Wednesday, September 5, 2012

Daniel Kahneman Introduction

Daniel Kahneman

A nobel laureate and current professor at Princeton University, Daniel Kahneman is credited with being one of developers of the field of behavioral economics. In a landmark 1979 paper on decision-making, he developed a theory as to why people will often make the less-rational decision in a given situation rather than the optimal choice. Kahneman revolutionized the field of economics by beginning to look at it not as a completely rational system, but one that was susceptible to human error and irrationality.
            Kahneman’s work was groundbreaking in combining aspects of several fields of the social sciences. By taking a multi-faceted approach to economic study he granted much greater insight into human decision-making and motivation. One of his most famous developments was his work on “prospect theory” with Amos Tversky. The theory is essentially a variation of the expected utility theory assuming conditions of risk. Through research they found that people underweight options that are merely probably as compared to options that are certain.
Before I was assigned this alias I wasn’t familiar with Kahneman; however, I have read several books centered on behavioral economics. Freakonomics and Superfreakonomics by Steven Levitt both provide an elementary look into incentives-based decision-making and actions. The aforementioned books allowed me to gain an accessible look into a quite complex branch of economics and covered interesting topics. Kahneman's work will be very relevant to the material we cover in class. Studying how humans interact and weigh choices is a large part of how organizations operate. 

 Works Cited
"Daniel Kahneman: Behavioral Economics Founder." TED: Ideas Worth Spreading. TED, n.d. Web. 5 Sep 2012.
"Prospect Theory." Behavioural Finance. N.p., n.d. Web. 5 Sep 2012. <>.


  1. Thanks for this post. One way that Kahneman is importance to us is that his works shows how the status quo has power and making changes from it that make some people worse off is very hard to do. People will resist such change.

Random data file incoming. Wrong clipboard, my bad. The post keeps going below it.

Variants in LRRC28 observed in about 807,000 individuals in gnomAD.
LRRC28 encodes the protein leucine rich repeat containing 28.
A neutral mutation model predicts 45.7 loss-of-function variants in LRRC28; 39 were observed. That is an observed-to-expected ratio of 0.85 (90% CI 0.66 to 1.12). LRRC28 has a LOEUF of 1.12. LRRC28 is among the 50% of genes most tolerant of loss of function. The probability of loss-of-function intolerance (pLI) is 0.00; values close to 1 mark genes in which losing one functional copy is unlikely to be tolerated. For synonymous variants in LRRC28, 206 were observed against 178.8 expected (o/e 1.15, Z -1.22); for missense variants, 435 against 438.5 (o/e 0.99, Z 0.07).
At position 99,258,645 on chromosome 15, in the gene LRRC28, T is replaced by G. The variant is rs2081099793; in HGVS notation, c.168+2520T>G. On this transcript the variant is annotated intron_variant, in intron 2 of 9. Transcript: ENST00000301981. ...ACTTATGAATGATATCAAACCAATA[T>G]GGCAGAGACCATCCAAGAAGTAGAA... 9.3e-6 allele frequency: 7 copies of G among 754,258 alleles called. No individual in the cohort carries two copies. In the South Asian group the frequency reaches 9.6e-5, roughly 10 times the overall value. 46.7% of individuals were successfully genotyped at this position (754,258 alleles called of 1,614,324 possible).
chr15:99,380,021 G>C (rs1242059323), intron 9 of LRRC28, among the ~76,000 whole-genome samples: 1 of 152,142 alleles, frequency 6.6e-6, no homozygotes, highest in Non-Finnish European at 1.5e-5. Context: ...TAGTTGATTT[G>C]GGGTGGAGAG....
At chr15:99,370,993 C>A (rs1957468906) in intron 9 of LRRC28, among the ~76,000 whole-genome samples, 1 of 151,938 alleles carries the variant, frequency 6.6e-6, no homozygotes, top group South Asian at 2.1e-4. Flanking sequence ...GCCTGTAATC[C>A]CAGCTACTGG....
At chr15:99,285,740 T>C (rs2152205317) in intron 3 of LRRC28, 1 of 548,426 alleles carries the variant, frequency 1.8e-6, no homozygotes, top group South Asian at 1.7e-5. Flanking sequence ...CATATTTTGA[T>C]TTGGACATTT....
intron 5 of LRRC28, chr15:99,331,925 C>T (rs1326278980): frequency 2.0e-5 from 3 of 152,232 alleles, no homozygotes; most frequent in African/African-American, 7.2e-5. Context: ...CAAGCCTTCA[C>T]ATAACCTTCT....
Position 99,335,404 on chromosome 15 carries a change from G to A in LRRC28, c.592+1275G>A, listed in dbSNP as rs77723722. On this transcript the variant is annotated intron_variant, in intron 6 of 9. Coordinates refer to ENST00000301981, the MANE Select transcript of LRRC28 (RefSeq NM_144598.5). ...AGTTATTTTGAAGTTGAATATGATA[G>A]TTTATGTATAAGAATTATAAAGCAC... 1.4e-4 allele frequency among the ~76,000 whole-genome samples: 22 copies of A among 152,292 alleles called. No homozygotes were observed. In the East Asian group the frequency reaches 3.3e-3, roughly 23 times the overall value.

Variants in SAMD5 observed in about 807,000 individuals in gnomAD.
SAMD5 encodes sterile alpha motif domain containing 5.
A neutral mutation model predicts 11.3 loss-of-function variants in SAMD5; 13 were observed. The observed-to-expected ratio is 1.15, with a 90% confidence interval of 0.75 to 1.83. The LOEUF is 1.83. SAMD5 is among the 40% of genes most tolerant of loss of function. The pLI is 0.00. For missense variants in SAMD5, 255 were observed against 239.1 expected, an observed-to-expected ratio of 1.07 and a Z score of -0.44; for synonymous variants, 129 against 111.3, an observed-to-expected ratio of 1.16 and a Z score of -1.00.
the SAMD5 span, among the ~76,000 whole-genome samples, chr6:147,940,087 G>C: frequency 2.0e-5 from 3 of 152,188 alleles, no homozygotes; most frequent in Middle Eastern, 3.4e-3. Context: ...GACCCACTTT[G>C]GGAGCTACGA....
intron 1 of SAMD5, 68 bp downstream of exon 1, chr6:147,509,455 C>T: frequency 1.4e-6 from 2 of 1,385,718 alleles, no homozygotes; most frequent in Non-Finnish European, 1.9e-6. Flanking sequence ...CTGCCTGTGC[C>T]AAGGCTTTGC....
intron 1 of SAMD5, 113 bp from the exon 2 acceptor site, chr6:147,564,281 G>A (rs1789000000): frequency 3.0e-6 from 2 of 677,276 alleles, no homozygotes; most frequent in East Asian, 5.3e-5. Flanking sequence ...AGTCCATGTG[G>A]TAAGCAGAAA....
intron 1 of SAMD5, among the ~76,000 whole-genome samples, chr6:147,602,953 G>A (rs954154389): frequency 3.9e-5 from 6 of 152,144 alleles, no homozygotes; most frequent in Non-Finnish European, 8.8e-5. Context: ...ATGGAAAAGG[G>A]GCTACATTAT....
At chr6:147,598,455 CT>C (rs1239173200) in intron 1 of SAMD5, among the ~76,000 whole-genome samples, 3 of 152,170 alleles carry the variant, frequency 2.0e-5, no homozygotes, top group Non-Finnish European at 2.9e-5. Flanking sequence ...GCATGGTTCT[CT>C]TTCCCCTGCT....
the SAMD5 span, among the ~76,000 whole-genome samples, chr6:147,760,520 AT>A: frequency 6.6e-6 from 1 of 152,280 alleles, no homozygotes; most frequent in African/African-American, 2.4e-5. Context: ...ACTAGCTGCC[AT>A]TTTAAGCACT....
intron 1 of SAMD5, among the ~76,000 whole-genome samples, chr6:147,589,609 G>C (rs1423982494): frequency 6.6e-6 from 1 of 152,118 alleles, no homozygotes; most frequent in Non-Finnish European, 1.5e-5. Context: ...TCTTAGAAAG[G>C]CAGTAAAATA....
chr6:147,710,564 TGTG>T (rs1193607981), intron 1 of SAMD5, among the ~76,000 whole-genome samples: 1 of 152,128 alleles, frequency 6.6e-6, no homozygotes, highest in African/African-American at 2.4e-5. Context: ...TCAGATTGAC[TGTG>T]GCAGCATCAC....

I don't know that Levitt is a Behavioral Economist. I think of him as the quintessential data guy. He finds truth by staring at the data - like that story of showing the school teachers where cheating on behalf of their students. Richard Thaler, who is a colleague of Levitt's at U of Chicago, is the one people think of as a behavioral economist.

  2. I have to say I am jealous of you, Kahneman is by and large my favorite scientist even though he does not consider himself an economist, his work has started a movement in the field that is growing rapidly. Behavioral Economics is actually my area of focus and while it is difficult to find colleagues at Illinois many students are beginning to catch on to the field. The ideas are interesting and there are many areas to explore by combining other social sciences with economic theory.
    A few comments:I would agree with Prof. Arvan, Freakonomics and Levitt are not considered behavioral economics. Richard Thaler on the other hand is most definitely one of the most famous behavioral economists in the world. If Kahneman is the Father of behavioral economics, then Thaler is the Godfather.
    If you are looking for accessible/popular readings on behavioral economics I would first suggest Kahneman's own book, "Thinking Fast and Slow" which just came out last year. Also, "Nudge" by Thaler is a must read as well. Another behavioral economist to look at would be Dan Ariely, who has published 3 popular books so far.